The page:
Very happy with the high mark I achieved for this first assignment. Though as usual, there's a decent about to be improving. Let's start by looking at some of the more major things my tutor pointed out.
First thing is variance. How do you calculate it? Well it turns out there are a couple of ways. I just decided to use the most cumbersome way...
Calculating the mean (expectation ) is easy. Multiply each number with its probability and sum them all:
The variance can then be calculated in one of two different ways:
When they're written out like this, it's fairly obvious to see which method is more like the method used to calculate the mean and as such would be far less hassle. ( is an integer and and can be reals/rationals).
Multivariate Poisson Process
This was the question in which I lost the most marks:
Customers arrive at a shoe shop according to a Poisson process with a rate of 20 per hour.
15% of customers buy men's shoes.
60% buy women's shoes.
25% buy children's shoes.
Calculate the probability that exactly eight customers arrive in half an hour, exactly three of whom wish to purchase children's shoes.
This is such a typical mistake for me to make in statistics. I'm sure I've made this kind of mistake before...
What I ended up doing was working out the probability of the number of customers being 8 using the Poisson distribution's probability function. This was fine.
Then I used the same probability function to find the probability of 3 people wanting to buy children's shoes and multiplied them together. Wrong. At this point I needed to find the conditional probability that of the 8 customers, 3 bought children's shoes. Hence, here I shouldn't have used the Poisson distribution, I should've used the Binomial distribution instead. ie: from 8, choose 25%.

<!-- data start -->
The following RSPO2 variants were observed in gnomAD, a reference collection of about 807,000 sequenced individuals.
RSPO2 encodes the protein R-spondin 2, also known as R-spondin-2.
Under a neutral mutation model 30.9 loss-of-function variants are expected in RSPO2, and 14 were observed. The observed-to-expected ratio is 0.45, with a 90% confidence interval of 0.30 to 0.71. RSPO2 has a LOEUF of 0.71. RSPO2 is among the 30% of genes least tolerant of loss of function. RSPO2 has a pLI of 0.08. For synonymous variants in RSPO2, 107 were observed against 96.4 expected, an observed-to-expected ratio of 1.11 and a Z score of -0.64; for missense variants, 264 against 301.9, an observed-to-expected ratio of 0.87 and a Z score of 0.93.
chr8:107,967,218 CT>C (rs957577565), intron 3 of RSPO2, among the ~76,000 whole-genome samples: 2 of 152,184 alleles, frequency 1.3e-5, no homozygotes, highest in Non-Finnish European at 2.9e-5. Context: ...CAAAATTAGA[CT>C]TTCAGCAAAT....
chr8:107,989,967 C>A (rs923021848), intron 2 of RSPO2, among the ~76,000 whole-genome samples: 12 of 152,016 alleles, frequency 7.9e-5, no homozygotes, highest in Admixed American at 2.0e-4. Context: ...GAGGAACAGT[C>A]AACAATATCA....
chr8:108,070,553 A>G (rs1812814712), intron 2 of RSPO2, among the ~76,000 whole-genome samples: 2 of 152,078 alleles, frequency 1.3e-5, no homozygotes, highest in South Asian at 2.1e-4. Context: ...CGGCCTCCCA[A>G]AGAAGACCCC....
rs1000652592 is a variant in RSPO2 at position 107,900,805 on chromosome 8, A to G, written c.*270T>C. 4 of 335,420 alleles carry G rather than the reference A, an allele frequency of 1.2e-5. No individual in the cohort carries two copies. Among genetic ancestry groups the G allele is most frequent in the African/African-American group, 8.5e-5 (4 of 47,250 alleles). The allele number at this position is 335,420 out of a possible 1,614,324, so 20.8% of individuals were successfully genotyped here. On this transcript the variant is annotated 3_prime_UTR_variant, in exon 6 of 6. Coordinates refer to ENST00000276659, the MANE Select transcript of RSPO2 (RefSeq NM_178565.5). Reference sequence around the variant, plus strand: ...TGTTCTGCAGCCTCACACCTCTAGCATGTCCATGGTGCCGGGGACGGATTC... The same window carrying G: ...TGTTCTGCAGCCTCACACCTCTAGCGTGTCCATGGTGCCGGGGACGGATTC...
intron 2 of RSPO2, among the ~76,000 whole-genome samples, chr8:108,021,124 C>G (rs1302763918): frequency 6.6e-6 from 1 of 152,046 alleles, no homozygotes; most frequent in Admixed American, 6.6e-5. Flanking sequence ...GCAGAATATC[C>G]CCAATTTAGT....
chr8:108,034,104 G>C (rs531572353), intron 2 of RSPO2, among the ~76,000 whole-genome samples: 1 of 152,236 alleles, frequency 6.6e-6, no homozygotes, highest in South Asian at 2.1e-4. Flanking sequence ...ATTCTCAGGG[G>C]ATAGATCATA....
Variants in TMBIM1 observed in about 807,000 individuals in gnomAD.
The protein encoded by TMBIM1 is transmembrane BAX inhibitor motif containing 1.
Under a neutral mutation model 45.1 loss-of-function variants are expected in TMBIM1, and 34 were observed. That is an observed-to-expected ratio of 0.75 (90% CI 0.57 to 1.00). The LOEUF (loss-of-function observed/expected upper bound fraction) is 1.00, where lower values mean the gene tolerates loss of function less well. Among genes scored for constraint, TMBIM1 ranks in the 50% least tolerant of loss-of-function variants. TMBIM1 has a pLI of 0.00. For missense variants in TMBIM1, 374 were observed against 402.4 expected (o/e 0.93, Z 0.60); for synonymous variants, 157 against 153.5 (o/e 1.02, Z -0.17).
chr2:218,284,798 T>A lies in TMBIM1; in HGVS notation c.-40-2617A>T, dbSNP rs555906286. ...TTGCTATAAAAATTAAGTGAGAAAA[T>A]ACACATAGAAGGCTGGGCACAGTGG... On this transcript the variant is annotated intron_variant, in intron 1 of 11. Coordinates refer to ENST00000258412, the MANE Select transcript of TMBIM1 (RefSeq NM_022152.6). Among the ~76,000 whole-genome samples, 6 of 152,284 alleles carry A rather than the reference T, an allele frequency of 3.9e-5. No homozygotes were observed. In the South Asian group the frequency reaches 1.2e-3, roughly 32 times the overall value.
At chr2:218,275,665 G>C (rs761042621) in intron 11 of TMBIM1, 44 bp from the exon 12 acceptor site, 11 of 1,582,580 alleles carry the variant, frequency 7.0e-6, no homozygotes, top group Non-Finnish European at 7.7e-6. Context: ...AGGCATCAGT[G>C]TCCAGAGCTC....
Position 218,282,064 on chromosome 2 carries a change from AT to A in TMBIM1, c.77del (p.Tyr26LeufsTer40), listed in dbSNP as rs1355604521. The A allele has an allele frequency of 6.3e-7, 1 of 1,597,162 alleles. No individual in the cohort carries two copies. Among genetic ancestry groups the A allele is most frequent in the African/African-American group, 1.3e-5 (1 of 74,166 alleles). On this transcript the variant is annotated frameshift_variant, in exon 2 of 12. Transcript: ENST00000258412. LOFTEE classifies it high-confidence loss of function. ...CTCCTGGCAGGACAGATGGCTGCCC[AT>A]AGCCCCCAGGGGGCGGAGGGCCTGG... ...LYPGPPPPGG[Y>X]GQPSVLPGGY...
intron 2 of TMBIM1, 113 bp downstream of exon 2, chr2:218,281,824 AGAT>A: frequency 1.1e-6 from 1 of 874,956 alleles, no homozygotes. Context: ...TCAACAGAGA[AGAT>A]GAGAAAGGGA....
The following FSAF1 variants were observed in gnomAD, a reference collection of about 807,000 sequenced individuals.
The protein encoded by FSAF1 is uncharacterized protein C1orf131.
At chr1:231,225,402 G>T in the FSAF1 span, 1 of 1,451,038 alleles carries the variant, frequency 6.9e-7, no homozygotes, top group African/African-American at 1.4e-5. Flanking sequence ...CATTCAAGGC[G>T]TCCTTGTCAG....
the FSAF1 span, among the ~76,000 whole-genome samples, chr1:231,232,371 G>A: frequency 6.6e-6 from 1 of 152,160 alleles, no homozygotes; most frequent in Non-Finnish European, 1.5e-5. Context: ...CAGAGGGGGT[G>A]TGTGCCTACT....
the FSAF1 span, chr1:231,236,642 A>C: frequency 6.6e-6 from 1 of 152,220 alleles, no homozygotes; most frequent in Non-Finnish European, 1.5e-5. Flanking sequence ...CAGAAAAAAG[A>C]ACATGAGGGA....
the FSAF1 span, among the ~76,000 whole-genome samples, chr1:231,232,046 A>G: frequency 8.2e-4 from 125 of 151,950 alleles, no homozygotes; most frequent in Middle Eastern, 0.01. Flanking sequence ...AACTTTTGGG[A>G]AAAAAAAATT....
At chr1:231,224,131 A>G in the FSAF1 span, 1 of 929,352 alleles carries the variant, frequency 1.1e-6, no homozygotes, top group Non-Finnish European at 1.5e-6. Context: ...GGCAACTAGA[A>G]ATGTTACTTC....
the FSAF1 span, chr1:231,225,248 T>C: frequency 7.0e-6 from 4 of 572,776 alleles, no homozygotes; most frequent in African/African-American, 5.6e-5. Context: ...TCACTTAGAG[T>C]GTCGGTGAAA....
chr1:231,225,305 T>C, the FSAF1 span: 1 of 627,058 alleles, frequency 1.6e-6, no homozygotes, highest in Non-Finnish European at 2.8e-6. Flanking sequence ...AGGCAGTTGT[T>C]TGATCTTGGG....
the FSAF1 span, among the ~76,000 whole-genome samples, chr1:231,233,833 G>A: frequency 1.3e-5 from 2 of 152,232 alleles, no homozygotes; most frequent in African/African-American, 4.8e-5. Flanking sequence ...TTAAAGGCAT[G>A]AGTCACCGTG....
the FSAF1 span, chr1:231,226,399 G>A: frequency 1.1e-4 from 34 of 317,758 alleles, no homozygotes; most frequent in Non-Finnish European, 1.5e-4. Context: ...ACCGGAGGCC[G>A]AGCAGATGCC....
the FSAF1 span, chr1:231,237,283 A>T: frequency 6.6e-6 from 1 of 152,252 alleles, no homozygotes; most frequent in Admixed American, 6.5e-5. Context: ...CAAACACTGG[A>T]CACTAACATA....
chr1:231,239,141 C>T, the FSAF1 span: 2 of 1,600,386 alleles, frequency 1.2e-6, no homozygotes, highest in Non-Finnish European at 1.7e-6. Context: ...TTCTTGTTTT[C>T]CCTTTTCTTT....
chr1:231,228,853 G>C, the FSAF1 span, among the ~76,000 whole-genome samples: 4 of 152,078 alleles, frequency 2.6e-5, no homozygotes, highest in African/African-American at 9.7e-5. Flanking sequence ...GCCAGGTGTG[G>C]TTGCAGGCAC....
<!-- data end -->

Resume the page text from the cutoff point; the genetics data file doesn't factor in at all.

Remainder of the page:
Reflecting back on the question, the correct answer seems slightly more obvious now. Especially given the "...exactly three of whom..." part of the question. I struggle to be mindful of stuff like this in the moment of answering a stats question. I suppose this part of the "translating English into maths" issue comes with more practise...
Index Of Dispersion
Again, my issue here was to not observe subtleties in the question. Given information about the associated distributions, I was initially meant to calculate the mean and variance of the total number of books bought in 9 hours. I managed to get this first part right, but the second part of the question asked me to calculate the index of dispersion for "this process". It turns out that "this process" refers to the process in the main question generally and not the process of books being bought within 9 hours. In this instance, ignoring the total number of books bought in 9 hours (kind of) simplifies the answer too.
In this first assignment, I lost a half a mark here and there for incorrect arithmetic. (GASP!). Upon completing my draft submission, instead of just reading through it, I should sit down and verify all my working. It will take more time, but if it scrapes 2 marks back, it could be worth it.
Other issue that occurred more than once was a lack of units when talking about rates of things happening. So there's a requirement to state " per hour" instead of just "".